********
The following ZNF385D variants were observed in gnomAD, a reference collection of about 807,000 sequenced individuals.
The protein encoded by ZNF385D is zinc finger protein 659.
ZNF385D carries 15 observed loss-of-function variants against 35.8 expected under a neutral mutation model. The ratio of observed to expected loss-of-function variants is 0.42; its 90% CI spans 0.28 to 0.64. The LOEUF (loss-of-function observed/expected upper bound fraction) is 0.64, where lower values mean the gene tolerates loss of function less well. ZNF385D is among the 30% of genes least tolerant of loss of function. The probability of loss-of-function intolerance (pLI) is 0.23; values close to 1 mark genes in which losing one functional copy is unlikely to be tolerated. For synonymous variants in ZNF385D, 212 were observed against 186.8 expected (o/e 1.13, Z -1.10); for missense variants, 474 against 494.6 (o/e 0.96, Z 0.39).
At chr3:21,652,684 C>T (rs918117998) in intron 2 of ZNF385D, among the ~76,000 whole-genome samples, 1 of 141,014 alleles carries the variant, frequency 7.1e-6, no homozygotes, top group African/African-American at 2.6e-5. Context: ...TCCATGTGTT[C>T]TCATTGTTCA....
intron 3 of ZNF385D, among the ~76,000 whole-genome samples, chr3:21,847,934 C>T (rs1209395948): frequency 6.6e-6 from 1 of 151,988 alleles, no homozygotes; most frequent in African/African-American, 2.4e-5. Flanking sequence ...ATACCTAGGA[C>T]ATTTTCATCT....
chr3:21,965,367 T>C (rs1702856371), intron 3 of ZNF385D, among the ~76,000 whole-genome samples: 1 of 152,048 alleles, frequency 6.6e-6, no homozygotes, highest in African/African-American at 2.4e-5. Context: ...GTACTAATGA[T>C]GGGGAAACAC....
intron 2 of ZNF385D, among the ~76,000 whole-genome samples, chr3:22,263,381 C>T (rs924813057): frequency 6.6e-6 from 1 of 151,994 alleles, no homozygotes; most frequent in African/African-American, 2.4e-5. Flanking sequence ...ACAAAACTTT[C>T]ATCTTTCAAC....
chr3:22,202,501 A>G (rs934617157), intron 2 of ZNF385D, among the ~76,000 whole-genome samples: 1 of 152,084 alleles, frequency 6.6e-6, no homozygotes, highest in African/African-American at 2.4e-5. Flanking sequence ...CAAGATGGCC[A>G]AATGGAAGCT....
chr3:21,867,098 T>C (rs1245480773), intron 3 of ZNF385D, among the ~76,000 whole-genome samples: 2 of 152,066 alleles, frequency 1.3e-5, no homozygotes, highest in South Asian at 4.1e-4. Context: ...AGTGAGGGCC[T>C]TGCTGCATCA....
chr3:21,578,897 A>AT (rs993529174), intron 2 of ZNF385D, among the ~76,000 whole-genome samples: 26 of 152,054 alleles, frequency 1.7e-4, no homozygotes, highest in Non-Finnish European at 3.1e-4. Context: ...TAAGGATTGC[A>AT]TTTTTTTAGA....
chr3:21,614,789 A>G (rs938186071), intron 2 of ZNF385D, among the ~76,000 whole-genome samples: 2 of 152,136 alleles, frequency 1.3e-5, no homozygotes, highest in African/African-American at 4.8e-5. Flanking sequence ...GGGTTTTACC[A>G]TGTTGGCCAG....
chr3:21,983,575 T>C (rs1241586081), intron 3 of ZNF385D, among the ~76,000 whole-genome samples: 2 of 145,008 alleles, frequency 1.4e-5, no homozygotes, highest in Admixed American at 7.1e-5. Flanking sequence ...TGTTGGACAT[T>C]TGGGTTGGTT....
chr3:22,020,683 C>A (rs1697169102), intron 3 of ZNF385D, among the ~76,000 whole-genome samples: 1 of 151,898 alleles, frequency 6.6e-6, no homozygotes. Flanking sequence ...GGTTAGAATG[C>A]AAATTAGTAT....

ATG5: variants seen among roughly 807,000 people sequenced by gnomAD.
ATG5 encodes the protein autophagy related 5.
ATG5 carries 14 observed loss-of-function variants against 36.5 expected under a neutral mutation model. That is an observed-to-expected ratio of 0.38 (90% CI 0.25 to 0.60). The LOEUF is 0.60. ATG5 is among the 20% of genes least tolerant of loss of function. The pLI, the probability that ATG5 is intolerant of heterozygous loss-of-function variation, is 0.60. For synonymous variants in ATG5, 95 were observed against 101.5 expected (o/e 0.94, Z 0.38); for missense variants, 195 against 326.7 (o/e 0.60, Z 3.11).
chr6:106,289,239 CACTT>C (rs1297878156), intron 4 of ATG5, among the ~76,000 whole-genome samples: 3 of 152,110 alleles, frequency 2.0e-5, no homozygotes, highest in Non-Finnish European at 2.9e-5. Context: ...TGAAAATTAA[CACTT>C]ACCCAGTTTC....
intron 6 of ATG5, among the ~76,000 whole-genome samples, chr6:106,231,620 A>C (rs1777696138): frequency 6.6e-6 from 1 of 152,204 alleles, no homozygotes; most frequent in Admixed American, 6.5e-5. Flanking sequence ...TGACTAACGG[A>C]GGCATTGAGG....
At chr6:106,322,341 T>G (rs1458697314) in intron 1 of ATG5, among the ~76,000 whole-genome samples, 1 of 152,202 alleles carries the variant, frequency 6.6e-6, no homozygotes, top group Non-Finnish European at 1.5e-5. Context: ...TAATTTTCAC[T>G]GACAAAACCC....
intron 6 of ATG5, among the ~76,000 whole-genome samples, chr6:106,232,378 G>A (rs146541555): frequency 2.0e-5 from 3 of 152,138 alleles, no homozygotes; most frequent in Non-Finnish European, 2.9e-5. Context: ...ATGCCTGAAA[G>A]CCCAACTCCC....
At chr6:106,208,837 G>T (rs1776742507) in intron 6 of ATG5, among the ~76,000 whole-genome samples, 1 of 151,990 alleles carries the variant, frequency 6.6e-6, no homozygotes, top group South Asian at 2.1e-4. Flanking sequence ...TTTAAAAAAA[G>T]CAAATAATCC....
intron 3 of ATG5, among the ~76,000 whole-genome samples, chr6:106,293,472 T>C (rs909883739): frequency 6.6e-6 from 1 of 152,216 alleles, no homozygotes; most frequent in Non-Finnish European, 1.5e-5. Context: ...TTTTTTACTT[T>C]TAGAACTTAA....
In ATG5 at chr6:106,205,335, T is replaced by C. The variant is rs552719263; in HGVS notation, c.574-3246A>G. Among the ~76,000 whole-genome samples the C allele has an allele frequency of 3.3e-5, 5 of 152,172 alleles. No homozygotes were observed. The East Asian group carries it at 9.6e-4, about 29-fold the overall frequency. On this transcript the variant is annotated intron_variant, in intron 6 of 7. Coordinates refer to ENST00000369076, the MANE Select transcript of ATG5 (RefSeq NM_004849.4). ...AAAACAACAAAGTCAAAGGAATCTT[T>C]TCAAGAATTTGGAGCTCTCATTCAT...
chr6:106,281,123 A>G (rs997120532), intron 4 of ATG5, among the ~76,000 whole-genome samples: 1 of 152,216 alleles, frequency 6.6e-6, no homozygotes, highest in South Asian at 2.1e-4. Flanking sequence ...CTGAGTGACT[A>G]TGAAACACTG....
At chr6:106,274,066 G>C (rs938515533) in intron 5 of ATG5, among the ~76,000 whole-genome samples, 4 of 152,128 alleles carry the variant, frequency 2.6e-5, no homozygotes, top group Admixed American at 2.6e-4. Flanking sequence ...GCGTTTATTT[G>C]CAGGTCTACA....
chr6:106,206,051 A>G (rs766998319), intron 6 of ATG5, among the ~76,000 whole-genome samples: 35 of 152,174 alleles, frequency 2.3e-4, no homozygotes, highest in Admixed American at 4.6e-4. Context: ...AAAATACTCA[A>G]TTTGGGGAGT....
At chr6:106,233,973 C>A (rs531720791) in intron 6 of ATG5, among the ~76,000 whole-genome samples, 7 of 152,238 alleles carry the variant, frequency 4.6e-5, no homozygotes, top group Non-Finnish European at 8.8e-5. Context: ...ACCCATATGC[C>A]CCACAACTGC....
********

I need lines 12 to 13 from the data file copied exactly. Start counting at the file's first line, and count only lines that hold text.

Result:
chr3:21,983,575 T>C (rs1241586081), intron 3 of ZNF385D, among the ~76,000 whole-genome samples: 2 of 145,008 alleles, frequency 1.4e-5, no homozygotes, highest in Admixed American at 7.1e-5. Flanking sequence ...TGTTGGACAT[T>C]TGGGTTGGTT....
chr3:22,020,683 C>A (rs1697169102), intron 3 of ZNF385D, among the ~76,000 whole-genome samples: 1 of 151,898 alleles, frequency 6.6e-6, no homozygotes. Flanking sequence ...GGTTAGAATG[C>A]AAATTAGTAT....